While some of you may agree with me that the billable hour is an antiquated (and basically useless) metric, you may still find it difficult to evaluate your success in other ways. For us Type A folks, the billable hour is convenient—it’s an objective number, and the targets are clear. It was not until my clerkship that I was determined to untie my self-worth from the number of hours I worked in any given day. When I first started my clerkship, I felt like I was floundering in a sea of no affirmations. Were my multiplication-by-six skills going to wash away? There was no easy metric to gauge my own success.

It was then that I realized how my confidence in my work, and relatedly, a part of my own self-worth, was tied to counting (and not in the brilliant A Beautiful Mind sense). I recalled moments where I would celebrate billing over 12 hours in one day, or that one July 4th when I billed 15 hours and felt disappointingly competing feelings of irritation and depression combined with a sense of pride. It was only when I stopped counting that I realized how problematic this line of thinking was—and how much I needed to move past six-minute increments as a measure of success.
Below, I’ve laid out some of the methods I currently use to gauge my ongoing daily success. These can be applied beyond my clerkship—and I fully expect to continue these practices in my next role, no matter where it may take me.

  • Focus on the impact my work has each day, no matter how small. Before, I would have felt unproductive, inefficient, and as if my work lacked impact if my day was shorter than nine hours, but now, I appreciate shorter days (i.e., not working after dinner) because I can focus on my actual output.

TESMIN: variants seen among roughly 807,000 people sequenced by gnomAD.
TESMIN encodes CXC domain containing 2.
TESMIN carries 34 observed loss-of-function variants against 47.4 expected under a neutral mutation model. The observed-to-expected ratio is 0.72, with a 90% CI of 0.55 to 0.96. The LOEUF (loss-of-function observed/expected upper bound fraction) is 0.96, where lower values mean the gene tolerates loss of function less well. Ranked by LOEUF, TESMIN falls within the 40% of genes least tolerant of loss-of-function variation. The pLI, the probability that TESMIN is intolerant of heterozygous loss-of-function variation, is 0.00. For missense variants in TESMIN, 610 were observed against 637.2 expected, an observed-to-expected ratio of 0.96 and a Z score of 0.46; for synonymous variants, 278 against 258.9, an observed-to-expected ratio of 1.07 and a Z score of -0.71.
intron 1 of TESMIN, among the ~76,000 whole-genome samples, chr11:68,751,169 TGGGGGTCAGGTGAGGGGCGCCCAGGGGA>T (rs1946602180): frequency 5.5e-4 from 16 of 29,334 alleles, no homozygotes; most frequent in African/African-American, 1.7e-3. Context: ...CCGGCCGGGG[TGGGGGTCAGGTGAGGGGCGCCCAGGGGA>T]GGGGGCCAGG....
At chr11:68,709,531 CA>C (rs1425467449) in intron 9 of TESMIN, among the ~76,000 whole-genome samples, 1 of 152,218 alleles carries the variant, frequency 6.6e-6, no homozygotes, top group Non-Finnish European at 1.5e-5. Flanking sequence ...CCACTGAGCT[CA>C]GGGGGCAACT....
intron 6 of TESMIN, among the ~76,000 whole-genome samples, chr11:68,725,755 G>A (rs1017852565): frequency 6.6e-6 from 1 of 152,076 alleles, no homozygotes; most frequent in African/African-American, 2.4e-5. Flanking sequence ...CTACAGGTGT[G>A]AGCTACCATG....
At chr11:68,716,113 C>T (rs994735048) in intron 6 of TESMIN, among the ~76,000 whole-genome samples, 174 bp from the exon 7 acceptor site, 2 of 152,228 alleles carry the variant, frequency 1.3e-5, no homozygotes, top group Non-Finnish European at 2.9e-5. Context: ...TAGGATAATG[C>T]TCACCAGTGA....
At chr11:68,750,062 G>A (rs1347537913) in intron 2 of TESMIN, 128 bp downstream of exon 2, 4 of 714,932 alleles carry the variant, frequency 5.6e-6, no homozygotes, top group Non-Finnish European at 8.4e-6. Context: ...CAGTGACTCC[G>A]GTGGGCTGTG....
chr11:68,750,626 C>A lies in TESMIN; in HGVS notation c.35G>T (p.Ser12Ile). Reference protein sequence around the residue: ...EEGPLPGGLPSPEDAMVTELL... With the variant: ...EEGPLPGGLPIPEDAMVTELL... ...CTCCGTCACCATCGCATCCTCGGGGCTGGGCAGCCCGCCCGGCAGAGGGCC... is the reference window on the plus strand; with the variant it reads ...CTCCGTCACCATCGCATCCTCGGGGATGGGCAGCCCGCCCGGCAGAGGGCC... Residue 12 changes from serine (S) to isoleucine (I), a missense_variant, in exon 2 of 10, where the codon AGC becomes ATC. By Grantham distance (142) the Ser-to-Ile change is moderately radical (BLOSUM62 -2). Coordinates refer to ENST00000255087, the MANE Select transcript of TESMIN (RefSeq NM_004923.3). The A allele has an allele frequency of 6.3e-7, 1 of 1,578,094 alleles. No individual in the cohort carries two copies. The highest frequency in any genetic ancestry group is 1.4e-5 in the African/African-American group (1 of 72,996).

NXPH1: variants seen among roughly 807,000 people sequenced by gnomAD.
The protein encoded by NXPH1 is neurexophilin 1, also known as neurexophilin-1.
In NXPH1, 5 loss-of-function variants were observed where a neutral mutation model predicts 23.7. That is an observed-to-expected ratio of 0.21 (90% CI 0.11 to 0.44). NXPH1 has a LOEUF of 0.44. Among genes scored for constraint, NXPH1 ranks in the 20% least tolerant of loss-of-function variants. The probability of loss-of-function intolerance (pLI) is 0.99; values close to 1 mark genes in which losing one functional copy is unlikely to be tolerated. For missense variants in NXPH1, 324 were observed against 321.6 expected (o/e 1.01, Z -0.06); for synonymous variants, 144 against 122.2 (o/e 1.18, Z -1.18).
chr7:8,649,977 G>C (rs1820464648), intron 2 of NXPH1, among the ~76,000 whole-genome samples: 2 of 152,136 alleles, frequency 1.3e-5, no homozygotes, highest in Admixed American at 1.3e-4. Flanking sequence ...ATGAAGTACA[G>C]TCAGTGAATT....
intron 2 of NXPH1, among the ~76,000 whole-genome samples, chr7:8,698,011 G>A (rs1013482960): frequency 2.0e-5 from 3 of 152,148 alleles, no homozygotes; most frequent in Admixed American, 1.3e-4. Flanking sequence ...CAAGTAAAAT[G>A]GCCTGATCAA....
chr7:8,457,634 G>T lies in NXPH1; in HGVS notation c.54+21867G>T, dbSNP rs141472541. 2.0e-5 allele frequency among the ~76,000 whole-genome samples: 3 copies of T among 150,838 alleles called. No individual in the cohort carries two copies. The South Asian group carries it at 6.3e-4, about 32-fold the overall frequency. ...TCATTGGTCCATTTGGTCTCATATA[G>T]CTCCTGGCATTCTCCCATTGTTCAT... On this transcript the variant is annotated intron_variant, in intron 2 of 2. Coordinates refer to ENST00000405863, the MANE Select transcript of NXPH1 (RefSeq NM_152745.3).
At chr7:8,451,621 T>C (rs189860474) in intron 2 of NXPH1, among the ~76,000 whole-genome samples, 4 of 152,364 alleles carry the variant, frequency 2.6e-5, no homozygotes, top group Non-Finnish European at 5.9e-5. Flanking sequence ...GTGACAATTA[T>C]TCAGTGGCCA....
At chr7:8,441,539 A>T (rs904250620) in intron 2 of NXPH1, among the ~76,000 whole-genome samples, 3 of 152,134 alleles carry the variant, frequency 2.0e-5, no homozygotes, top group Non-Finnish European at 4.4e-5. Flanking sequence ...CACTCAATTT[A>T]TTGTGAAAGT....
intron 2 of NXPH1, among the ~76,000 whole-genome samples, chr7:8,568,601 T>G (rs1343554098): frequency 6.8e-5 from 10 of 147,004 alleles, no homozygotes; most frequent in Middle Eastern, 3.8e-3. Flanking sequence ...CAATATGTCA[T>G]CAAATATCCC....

• Keep a detailed to-do list. This practice helps me reframe my thoughts to focus on efficiency by checking each item off in the least amount of time possible. It definitely helps that now, while clerking, I am incentivized by my own desire to stop working at a reasonable hour—meaning that I have to get through my daily tasks before I can go home.
  • Understand that that fulfillment partially comes from connecting with others. During my plight with six-minute increments, having the 20-minute conversation in the hallway on the way to fill up my coffee cup would ordinarily spin me into a frenzy of anxiety over whether or not I stopped my timer and then attempting to quantify how long the conversation actually lasted so I could accurately subtract it once I returned to my office. Focusing on incremental connections and appreciating the value of these unplanned conversations helps fill me up in a way separate from the number of hours I worked.
  • Engage in periods of deep focus, and eliminate distractions during those times. This can be as easy as turning your phone on “do not disturb” so you aren’t inundated by vibrations each time you get a text or email. By using products like ZERØ to automate some of the more mundane and time-consuming aspects of being a lawyer, like filing emails, you can also find more time in your day to focus on higher-value work.

Shifting my mindset away from counting and on other concrete metrics has not only improved my relationship with the clock but has improved my relationship with myself and helped me enjoy my downtime more, allowing me to legitimately recharge. Although I still am recovering from burnout (and perfectionism), at least I am taking one slow step forward rather than many steps back.

Disclaimer: These views are the author’s own and do not express the views of ZERØ.